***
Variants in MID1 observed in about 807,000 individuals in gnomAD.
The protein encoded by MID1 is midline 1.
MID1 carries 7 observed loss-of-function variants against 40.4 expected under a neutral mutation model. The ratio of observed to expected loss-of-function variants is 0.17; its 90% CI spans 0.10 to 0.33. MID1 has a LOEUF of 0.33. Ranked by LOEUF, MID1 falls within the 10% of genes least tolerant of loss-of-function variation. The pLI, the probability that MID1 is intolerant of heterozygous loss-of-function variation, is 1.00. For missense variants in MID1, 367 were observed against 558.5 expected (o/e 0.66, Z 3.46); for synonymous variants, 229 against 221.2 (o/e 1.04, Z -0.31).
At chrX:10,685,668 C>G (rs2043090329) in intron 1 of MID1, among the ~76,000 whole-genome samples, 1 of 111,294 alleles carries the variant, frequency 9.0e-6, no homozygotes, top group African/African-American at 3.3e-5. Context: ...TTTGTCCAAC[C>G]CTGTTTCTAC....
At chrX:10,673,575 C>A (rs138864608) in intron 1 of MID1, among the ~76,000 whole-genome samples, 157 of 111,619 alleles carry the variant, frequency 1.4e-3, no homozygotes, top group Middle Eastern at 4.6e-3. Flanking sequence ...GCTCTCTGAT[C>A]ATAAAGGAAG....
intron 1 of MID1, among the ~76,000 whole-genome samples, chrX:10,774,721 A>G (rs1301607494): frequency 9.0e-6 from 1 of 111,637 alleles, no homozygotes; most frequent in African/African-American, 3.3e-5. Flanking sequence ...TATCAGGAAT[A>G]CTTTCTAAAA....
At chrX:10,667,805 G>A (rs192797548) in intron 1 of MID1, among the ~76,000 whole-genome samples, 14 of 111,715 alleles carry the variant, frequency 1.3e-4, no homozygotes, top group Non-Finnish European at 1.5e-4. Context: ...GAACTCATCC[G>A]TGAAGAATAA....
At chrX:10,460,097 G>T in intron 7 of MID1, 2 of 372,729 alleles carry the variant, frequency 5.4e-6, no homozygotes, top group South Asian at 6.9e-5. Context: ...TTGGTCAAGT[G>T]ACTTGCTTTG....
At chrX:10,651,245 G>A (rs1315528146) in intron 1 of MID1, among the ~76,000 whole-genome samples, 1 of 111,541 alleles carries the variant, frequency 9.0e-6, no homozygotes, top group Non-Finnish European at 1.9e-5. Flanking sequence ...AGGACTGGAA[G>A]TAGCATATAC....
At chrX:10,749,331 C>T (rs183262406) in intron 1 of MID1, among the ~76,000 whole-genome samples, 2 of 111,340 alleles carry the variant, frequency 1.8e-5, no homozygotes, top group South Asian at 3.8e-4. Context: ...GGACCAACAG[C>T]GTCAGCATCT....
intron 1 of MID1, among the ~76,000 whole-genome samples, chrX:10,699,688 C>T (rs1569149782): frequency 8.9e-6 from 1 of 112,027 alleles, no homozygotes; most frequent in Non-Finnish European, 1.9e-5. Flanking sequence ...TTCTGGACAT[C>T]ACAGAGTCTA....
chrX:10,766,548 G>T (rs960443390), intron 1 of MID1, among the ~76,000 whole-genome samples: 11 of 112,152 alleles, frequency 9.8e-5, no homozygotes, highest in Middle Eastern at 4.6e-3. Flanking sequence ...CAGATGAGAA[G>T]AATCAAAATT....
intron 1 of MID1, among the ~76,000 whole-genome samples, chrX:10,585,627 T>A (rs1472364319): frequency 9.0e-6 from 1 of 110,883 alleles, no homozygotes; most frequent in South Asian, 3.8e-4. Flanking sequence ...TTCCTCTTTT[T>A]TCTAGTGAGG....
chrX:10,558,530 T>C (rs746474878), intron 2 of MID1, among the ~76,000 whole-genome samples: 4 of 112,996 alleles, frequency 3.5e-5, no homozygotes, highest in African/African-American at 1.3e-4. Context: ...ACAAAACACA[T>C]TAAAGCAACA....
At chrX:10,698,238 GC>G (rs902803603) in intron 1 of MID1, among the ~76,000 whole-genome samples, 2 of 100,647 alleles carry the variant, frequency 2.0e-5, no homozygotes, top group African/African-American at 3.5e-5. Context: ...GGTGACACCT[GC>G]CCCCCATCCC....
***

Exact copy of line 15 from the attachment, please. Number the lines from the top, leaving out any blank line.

At chrX:10,698,238 GC>G (rs902803603) in intron 1 of MID1, among the ~76,000 whole-genome samples, 2 of 100,647 alleles carry the variant, frequency 2.0e-5, no homozygotes, top group African/African-American at 3.5e-5. Context: ...GGTGACACCT[GC>G]CCCCCATCCC....